If there is one word that frustrates me on a regular basis when it comes to supporting the embedding of and utilisation of technologies into education it is the word “appropriate”.
People use it all the time to describe the usage of technology.
“Learning technologies will be embedded into lessons where appropriate”
“The use of technology to support learning will be used when it is appropriate to do so.”
Now I don’t have a problem per se about the use of the word appropriate in this context. I don’t believe technology should be used all the time and every time.
However what has happened is that the word appropriate has been appropriated as an excuse for not using technology.
So I hear practitioners saying, and these are all actual things I have heard people say:
“I won’t use mobile devices in my classroom as they are not appropriate”.
“Using the VLE with my learners is not appropriate.”
“The use of PSPs would not be appropriate with that group”
“Using the Interactive Whiteboard would not be appropriate for this subject.”
So rather than use the word appropriate to define a time or context when and where technology should be used, the word is more often used to describe an entire course or cohort.
Sometimes the appropriate excuse is used for a single technology or in extreme cases any kind of learning technology.
To say that technology is never appropriate for an entire course or an entire cohort, often misses the opportunities that technology can offer to enhance or enrich a session.
I remember talking to one curriculum manager who was adamant that using PSPs with her cohort of HNC students wasn’t appropriate. These were adult students who would not want to “play” with shiny things and didn’t play games in lessons. The thing is, across the corridor another teacher was using PSPs with a group of management students (a fair few who were managers in the college). They weren’t playing games on the PSP, they were using them to watch a video presentation at their own pace and allowing them to review and rewind where appropriate.
So why does it happen?
Sometimes it is more appropriate to use a traditional approach or a traditional technology. For example nothing wrong with using flip chart paper or post it notes. There is noting inappropriate about not using a forum on the VLE and having a live discussion in the classroom.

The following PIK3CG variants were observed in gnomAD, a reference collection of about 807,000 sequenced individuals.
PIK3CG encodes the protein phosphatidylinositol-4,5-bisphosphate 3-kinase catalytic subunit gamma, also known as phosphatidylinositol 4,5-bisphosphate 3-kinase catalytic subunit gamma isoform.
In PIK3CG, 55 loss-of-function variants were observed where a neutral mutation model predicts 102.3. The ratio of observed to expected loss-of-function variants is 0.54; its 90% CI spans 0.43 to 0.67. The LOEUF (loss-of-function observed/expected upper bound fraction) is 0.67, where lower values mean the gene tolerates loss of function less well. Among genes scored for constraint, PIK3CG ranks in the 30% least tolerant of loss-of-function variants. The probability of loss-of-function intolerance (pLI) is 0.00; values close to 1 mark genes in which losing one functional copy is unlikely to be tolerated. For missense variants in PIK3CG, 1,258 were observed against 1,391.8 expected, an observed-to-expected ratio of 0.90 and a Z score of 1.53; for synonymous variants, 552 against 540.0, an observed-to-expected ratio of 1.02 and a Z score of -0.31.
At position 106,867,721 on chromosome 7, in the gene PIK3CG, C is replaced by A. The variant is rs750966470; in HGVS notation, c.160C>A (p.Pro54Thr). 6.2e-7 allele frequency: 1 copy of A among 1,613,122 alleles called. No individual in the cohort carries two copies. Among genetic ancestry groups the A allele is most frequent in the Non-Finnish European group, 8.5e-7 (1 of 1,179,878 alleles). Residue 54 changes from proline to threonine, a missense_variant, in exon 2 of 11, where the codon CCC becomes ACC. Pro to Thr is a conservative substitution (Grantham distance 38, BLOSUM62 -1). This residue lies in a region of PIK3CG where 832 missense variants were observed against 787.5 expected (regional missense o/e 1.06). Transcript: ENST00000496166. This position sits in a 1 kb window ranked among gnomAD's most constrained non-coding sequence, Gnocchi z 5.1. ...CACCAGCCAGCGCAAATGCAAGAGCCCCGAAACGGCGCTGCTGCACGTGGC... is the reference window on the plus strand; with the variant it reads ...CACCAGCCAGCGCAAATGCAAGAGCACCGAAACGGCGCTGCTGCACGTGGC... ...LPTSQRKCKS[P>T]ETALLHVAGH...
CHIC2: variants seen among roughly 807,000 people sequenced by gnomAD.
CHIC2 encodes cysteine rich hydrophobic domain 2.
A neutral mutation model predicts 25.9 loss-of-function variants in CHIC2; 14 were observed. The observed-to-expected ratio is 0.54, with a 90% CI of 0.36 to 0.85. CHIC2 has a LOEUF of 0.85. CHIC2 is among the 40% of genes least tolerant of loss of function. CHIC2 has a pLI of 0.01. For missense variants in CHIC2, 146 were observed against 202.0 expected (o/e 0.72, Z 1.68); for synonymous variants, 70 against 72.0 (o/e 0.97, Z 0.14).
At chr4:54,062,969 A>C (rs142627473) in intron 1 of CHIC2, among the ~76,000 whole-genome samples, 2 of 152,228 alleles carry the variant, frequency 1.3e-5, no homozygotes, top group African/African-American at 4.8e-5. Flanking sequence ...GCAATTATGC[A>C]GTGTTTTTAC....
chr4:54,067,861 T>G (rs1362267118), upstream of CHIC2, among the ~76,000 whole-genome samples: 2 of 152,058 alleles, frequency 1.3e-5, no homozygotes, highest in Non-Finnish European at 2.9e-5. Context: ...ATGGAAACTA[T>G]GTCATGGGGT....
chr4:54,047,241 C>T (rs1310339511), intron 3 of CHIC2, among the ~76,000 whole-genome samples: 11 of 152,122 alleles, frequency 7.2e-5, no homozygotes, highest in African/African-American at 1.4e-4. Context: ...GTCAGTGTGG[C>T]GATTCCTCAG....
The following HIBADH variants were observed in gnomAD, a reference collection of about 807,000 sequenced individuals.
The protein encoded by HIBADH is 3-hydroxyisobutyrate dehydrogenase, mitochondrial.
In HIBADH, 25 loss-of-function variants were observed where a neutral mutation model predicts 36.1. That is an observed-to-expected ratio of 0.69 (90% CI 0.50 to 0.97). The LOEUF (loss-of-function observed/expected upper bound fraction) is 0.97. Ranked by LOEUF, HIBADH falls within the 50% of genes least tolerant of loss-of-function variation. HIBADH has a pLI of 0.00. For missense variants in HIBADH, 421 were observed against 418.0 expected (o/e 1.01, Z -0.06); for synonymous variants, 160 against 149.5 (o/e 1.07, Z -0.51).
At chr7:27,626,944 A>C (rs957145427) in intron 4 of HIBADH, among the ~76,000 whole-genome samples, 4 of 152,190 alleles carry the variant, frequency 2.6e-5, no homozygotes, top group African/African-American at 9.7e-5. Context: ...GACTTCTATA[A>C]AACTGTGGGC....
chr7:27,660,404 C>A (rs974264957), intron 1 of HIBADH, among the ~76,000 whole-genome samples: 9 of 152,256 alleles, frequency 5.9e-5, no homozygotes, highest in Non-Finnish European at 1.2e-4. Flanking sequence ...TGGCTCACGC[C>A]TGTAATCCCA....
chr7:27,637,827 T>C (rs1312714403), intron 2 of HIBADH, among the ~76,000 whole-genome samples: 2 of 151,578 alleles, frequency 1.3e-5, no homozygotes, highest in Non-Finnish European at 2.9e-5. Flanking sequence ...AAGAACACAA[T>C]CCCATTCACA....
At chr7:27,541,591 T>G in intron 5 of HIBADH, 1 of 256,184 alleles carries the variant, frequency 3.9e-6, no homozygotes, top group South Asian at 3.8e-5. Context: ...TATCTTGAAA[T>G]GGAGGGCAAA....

For me, what is inappropriate, is never using technology using the term appropriate as a blanket reason, more as an excuse rather than an actual reason. This is why it frustrates me.
Next question, is how do we move things forward?
Well one thing I do find working with practitioners, observing sessions is the number of missing opportunities for appropriate use of learning technologies. Why are they getting missed?
Talking with learners and practitioners it is usually down to confidence or not knowing the potential. It certainly is fair to say that not everyone knows everything! However when I say “not knowing the potential” this isn’t about practitioners knowing how everything works, this is about understanding the potential of various learning technologies. Understanding the potential means when an opportunity arises, it isn’t missed, appropriate use of technology is embedded into the learning.
Practitioners need to take a certain responsibility for professional updating at training and development events to understand how different learning technologies can be used to enhance and enrich learning. Staff with responsibility for embedding learning can support this process with case studies, guidance, exemplars and ideas. These could be paper based, e-mail, video, podcasts, or through any various online tools.
Confidence is more difficult to deal with. Experience of using multiple technologies will build confidence in using those technologies. So you have to start using technologies to gain confidence in using technology. That first step though can be very daunting. Often practitioners will talk about the fear of “looking stupid” or “it not working”. Again, staff with responsibility for embedding learning can support this process by motivating staff, but also where appropriate working with practitioners in a session, to ensure that the technology “works”. Likewise IT support teams need to help and ensure that the technology is robust and just “works”. That will help to build confidence.
It is probably not appropriate to use (the same) technology in every lesson, however it is equally inappropriate to miss the opportunities that learning technologies can bring to learning, by never using it.
How do you deal with the problem of missed opportunities?